Oh, Elon is messing with Twitter again…

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Musk is now saying seriously. Last week, Musk filed his amended answer and counterclaims to Twitter’s lawsuit. Here’s how his original answer started:

This action arises out of Twitter’s misrepresentations to the Musk Parties regarding the condition of the company and the “key metrics” Twitter uses to evaluate the number of users on its platform. While the Musk Parties negotiated for representations as to the truth of Twitter’s SEC disclosures, relying on their accuracy, the statements in these SEC disclosures were far from true. Instead, they contain numerous, material misrepresentations or omissions that distort Twitter’s value and caused the Musk Parties to agree to acquire the company at an inflated price.

Sounds like a contractual dispute: There’s some disagreement about whether Twitter’s statements about bots were true. But here’s the new one: 

The Musk Parties’ original Counterclaims explained that Twitter has been systematically misrepresenting its “key metric,” monetizable daily active users (“mDAU”), by understating the number of false and spam accounts included in mDAU and falsely claiming that mDAU was the best way to measure engagement and revenue growth. Stunning events over the last week, however, have revealed that the misrepresentations regarding mDAU were only one component of a broader conspiracy among Twitter executives to deceive the public, its investors, and the government about the dysfunction at the heart of the company. In what can only be described as one of the most significant whistleblower complaints in recent history, a widely respected security expert and former Twitter Chief Security Officer, Peiter “Mudge” Zatko, has submitted an 84-page whistleblower report to Congress, the FTC, the SEC, and the DOJ, outlining a series of explosive disclosures regarding misconduct within Twitter. … Those previously concealed problems are, according to Zatko, so severe that Zatko—who President Biden had asked to lead a national cybersecurity review—concluded that they threaten U.S. national security and democracy itself.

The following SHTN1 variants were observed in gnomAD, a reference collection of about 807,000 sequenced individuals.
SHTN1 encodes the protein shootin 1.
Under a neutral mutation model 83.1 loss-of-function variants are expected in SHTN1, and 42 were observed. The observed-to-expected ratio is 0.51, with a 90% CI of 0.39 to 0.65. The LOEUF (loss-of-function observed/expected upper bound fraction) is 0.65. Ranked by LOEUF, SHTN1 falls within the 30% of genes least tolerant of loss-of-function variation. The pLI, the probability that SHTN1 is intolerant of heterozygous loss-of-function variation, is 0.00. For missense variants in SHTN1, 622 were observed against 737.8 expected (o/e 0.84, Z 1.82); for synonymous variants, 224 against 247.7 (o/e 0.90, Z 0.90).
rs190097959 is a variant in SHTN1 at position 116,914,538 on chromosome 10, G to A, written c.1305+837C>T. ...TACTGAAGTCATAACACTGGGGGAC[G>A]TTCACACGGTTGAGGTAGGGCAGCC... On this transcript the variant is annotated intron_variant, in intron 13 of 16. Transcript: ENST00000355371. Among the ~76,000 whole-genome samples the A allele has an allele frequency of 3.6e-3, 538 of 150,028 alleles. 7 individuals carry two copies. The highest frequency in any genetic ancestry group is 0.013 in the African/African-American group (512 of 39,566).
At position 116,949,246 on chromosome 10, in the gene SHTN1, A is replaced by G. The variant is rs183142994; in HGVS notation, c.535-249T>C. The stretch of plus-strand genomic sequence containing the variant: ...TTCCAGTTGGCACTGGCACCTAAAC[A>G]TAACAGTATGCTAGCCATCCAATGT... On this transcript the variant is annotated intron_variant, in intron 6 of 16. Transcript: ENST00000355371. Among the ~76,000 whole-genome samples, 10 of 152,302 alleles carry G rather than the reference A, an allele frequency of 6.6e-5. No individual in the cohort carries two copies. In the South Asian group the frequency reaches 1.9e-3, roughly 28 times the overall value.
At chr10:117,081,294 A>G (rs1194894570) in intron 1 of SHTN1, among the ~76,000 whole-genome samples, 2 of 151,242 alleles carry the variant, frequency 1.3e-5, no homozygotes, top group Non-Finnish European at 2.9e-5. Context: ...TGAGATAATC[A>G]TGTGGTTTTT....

The new one is about “a broader conspiracy among Twitter executives to deceive the public, its investors, and the government” in ways that could “threaten U.S. national security and democracy itself.” This has gone from being a contractual dispute to being a massive conspiracy against democracy itself.

On the one hand: Yes, right, that is what Musk has to do. As I have argued from the beginning, he can’t really get out of this deal by quibbling over bot counting; he has to argue that there’s been a huge intentional fraud. Now he’s doing that explicitly.

On the other hand: It does raise the difficulty a bit, doesn’t it? He has to argue that there’s a huge conspiracy, that Twitter’s executives get together and rub their hands together and cackle about overthrowing democracy, that Jack Dorsey — Twitter’s co-founder, and Musk’s friend who urged him to buy the company — was in on it. The conspiracy stuff can sound a bit far-fetched.